Martin Khor

The revelations of data collection on a massive scale by the United States’ security agencies of details of telephone calls and internet use of its citizens and foreigners are having reverberations around the world.

Much of the responses have been on the potential invasion of privacy of individuals not only in the US but anywhere in the world who use US-based internet servers.

Also revealed is a US presidential directive to security agencies to draw up a list of potential overseas targets for US cyber-attacks.

This lays the US open to charges of double standards and hypocrisy:  accusing other countries of engaging in internet snooping or hacking and cyber warfare, when it has itself established the systems to do both on a mega scale.

Read the rest of this entry »

Arjun Jayadev

The Indian Supreme Court’s refusal to uphold the patent on Gleevec, the blockbuster cancer drug developed by the Swiss pharmaceutical giant Novartis, is good news for many of those in India suffering from cancer. If other developing countries follow India’s example, it will be good news elsewhere, too: more money could be devoted to other needs, whether fighting AIDS, providing education, or making investments that enable growth and poverty reduction.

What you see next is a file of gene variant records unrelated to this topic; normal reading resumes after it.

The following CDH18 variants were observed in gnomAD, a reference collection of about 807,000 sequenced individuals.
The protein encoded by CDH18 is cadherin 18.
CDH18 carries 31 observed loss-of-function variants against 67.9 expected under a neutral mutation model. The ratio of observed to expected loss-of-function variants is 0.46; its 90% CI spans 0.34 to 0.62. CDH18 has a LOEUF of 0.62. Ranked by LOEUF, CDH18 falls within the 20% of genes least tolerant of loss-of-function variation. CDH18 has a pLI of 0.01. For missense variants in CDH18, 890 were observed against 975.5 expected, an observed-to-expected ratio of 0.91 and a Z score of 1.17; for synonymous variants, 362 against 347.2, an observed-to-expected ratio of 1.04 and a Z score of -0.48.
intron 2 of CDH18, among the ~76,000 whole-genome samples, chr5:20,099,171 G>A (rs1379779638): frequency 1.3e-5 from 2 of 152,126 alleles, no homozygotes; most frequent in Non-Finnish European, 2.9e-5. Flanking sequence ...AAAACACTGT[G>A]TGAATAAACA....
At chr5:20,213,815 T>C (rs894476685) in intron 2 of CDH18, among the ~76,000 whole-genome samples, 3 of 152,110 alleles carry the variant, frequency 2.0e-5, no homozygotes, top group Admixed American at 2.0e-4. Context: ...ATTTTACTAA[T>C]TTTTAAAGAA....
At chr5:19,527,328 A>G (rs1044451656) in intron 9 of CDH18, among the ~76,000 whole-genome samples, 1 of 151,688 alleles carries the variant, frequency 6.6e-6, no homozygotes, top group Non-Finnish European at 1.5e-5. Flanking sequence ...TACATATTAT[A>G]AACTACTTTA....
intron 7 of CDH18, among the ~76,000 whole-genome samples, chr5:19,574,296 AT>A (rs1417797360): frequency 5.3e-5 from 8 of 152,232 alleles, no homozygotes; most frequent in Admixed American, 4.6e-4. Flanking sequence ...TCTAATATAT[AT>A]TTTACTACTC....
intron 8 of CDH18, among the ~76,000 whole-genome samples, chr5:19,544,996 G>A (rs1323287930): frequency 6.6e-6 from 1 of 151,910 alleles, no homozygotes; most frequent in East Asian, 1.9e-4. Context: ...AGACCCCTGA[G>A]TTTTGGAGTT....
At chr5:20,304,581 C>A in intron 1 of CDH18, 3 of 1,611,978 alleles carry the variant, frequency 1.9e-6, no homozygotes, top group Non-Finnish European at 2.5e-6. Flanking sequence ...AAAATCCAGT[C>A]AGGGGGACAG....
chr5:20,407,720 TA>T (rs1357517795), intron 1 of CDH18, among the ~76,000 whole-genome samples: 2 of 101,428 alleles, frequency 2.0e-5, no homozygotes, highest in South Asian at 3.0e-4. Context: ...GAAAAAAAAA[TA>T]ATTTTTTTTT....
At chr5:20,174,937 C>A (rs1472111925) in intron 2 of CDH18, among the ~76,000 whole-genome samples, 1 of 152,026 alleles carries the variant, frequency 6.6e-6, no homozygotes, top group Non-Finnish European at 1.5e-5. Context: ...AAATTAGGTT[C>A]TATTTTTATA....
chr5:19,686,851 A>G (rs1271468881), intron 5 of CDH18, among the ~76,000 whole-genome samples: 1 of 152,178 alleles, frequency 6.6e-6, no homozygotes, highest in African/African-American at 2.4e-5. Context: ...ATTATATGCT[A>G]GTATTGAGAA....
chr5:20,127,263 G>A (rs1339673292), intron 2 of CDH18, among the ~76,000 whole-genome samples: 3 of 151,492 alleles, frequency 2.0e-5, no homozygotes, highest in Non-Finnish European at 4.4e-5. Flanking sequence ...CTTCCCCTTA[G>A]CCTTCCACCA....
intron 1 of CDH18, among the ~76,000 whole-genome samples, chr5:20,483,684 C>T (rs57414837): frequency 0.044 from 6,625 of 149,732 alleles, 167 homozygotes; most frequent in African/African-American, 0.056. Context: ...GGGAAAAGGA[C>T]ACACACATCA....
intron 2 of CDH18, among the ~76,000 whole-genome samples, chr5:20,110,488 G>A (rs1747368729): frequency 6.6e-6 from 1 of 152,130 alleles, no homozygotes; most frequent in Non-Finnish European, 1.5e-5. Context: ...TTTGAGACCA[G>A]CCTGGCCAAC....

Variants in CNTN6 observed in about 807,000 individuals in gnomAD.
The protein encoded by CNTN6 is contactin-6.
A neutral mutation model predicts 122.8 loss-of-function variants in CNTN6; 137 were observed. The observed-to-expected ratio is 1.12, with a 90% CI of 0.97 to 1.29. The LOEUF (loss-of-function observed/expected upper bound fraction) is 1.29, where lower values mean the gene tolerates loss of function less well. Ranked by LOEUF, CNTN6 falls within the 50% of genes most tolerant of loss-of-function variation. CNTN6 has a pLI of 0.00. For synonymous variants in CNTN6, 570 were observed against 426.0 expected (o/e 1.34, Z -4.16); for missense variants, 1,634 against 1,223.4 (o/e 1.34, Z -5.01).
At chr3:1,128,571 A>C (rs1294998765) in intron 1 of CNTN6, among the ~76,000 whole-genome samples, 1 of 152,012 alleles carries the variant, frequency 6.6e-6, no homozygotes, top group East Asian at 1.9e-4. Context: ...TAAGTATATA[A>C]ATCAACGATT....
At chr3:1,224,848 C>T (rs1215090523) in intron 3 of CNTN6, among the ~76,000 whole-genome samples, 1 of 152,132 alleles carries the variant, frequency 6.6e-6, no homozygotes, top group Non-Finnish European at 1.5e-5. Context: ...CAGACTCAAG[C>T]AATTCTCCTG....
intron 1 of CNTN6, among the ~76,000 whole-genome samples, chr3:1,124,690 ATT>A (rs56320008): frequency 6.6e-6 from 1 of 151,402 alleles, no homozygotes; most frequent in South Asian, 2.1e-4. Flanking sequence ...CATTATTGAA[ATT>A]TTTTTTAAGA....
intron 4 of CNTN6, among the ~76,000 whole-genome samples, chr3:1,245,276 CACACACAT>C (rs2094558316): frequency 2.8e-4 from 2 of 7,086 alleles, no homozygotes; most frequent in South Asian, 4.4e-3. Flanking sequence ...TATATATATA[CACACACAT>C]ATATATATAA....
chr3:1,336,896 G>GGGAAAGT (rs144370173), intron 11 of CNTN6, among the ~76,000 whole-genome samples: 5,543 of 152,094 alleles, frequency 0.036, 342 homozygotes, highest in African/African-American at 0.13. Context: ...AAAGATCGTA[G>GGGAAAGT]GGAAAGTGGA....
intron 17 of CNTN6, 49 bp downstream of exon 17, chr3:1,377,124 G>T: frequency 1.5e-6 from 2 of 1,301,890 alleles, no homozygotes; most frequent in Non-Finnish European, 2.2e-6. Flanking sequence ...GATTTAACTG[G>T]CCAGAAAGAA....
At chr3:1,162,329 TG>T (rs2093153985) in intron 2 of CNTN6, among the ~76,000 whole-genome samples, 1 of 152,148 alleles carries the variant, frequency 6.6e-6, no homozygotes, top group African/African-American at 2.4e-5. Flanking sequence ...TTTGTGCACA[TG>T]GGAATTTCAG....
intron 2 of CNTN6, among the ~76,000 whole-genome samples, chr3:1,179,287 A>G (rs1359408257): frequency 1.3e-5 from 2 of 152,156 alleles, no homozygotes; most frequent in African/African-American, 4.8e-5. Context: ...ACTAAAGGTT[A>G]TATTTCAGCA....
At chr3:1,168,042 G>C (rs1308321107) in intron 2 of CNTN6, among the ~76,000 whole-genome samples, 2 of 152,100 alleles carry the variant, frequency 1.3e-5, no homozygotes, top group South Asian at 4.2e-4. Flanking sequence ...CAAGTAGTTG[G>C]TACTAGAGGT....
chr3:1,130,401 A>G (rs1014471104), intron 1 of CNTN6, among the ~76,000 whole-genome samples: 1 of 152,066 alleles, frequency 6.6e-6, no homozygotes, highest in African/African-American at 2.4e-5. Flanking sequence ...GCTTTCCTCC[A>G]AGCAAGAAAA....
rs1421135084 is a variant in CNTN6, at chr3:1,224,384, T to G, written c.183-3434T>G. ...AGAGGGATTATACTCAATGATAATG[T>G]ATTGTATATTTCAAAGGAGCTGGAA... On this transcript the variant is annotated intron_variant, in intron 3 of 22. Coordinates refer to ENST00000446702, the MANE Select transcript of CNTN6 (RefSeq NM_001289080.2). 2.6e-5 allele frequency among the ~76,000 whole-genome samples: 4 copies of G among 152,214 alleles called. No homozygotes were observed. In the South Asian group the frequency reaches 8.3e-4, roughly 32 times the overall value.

But the Indian decision also means less money for the big multinational pharmaceutical companies. Not surprisingly, this has led to an overwrought response from them and their lobbyists: the ruling, they allege, destroys the incentive to innovate, and thus will deal a serious blow to public health globally.

Read more at Project Syndicate

Sunita Narain

Supply issues comprise one part of the energy conundrum, as we discussed last fortnight. The cost of energy and our ability to pay for it is the other. The matter gets vexed because the rise in price of raw material of all energy sources is accompanied by huge inefficiency in distribution and accounting. But importantly, we remain a poor country where cost of energy is a factor in its availability and accessibility for all.

Read the rest of this entry »

Matias Vernengo

Paul Krugman has recently pointed out a very pessimistic, but very provocative paper by Robert Gordon, about the possibilities of long run growth. Gordon suggests that the “rapid progress made over the past 250 years could well turn out to be a unique episode in human history.” In his view, long-term stagnation is a very possible outcome. He asserts that the reasons for this are the effects of technical progress on investment.

Read the rest of this entry »